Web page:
Medieval Library Rules
Today is National Libraries Day. Here's a guide to proper behaviour in the library.
Rule No. 1: No Pets
Please do not bring your pets to the library. That includes pet rabbits and tame doves.
St Gregory the Great in his study. Hours of Bona Sforza, Milan, c. 1490–4. Add MS 34294, f. 196v
Sometimes pets get carried away and like to get involved, which may damage the collections.
St Mark in his study. The Bedford Hours, Paris,c. 1423–30. Add MS 18850, fol. 24r
So, even the most well-behaved of pets is not allowed.
Attributed to the Master of the Cité des Dames and workshop and to the Master of the Duke of Bedford, Christine de Pizan,
various works (the Book of the Queen), Paris, c. 1410–c. 1414; Harley MS 4431, f. 4r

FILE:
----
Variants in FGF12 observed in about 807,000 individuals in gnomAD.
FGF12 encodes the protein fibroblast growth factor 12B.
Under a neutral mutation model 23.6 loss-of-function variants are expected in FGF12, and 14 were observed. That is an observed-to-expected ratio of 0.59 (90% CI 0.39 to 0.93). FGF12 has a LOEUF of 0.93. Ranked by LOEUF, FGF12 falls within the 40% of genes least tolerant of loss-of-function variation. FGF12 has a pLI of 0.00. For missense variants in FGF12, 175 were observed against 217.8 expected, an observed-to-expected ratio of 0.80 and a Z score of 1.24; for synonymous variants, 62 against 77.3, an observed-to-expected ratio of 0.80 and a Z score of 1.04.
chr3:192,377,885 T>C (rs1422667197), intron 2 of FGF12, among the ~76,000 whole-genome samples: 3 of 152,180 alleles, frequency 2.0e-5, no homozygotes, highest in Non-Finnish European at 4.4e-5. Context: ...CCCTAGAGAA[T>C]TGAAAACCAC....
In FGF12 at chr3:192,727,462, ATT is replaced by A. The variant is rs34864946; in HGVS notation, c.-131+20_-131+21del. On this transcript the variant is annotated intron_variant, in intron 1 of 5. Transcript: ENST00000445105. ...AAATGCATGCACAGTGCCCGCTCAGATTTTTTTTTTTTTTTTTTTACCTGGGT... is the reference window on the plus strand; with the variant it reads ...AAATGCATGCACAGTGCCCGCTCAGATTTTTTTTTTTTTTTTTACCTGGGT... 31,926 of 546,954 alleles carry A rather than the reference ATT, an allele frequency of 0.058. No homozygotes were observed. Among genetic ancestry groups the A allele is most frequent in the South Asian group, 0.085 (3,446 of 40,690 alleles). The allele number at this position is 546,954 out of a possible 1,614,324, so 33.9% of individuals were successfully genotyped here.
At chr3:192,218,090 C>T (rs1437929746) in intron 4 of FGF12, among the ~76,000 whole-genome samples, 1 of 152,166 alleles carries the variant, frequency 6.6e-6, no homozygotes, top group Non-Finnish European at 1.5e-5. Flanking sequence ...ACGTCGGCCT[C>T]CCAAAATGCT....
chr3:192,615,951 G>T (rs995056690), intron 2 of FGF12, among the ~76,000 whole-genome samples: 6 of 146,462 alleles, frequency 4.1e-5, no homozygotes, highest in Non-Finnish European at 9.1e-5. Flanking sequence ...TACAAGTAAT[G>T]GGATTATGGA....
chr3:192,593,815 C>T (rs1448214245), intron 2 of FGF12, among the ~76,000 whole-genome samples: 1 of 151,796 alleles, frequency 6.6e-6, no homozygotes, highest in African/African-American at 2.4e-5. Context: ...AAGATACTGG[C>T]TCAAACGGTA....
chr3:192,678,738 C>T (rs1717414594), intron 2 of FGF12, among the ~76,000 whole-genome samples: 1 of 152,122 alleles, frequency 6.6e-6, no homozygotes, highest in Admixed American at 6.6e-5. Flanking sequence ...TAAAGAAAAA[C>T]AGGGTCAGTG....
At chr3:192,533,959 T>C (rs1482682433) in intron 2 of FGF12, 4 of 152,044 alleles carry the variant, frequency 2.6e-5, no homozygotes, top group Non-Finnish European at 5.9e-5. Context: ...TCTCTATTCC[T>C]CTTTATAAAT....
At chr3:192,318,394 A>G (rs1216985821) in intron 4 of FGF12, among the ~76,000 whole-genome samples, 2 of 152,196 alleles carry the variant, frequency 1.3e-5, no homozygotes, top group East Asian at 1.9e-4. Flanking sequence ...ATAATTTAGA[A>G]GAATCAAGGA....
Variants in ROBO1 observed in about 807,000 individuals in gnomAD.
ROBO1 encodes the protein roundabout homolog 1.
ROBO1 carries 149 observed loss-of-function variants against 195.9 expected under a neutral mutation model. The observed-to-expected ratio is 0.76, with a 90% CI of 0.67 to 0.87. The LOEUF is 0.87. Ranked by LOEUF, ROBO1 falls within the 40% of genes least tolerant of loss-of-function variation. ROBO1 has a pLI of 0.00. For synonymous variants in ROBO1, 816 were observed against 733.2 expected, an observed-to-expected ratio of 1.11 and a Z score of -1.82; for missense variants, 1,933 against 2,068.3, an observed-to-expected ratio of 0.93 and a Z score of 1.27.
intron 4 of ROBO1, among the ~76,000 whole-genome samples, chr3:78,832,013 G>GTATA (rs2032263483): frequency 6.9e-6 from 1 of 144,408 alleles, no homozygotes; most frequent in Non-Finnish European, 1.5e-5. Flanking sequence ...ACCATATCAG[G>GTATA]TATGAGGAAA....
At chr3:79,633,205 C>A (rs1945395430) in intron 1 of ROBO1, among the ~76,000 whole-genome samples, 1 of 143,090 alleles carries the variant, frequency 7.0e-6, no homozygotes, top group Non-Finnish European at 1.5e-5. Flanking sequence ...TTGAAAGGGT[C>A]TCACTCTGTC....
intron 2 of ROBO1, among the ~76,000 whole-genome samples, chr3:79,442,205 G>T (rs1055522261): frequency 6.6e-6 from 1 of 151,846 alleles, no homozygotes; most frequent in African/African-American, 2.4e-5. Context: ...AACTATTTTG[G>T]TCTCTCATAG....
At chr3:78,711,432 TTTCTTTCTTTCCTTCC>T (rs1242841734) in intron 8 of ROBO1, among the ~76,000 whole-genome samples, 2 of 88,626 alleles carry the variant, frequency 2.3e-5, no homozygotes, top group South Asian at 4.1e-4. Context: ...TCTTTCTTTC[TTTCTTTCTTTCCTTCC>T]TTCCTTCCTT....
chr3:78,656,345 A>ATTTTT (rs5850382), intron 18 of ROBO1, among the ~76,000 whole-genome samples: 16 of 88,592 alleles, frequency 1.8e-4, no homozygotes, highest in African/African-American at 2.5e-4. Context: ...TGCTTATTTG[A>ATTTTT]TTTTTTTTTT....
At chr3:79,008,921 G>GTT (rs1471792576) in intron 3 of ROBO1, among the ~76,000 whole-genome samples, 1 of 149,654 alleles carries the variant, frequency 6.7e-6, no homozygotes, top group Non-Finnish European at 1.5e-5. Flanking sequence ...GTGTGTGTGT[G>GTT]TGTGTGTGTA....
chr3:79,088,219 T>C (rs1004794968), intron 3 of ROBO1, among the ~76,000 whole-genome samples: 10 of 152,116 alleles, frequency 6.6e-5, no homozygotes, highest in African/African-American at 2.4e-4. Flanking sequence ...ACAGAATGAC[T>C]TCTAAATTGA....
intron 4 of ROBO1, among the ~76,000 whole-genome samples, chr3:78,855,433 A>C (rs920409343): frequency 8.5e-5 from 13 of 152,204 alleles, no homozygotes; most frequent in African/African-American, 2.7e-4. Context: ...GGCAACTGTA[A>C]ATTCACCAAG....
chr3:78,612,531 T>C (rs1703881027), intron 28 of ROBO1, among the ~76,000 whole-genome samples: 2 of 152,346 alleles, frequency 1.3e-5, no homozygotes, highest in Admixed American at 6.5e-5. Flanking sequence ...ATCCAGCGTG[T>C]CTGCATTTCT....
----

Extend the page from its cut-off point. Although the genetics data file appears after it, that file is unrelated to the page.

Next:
Rule No. 2: Silence Please.
Please do not disturb other library users by playing obscure musical instruments in the reading rooms.
Musicians in a study. Attributed to Maître François, Valerius Maximus, translated by Simon de Hesdin and Nicholas de Gonesse, 'Les Fais et les dis des Romains et de autres gens', Paris, between 1473 and c. 1480; Harley MS 4375, f. 151 v
Rule No. 3: Use Appropriate Book Supports.
(Although if you are able to make use of an angel, that is also permissible.)
St Matthew in his study. Hours of Bona Sforza, Milan, c. 1490–4; Add MS 34294, f. 7r
Rule No. 4: Keep your desk tidy.
Ensure there are no lemons or bishops' mitres in your work area.
Bonaventure, a biographer of Francis of Assisi, in his study. Attributed to Stefano Lunetti, Bonaventure, Legend and Life of Francis of Assisi (with Miracles), Florence, 1504; Harley MS 3229, f. 26r
More images of medieval readers in their studies and libraries will be available in April when the British Library is publishing Medieval and Renaissance Interiors, by Eva Oledzka.
~ Mary Wellesley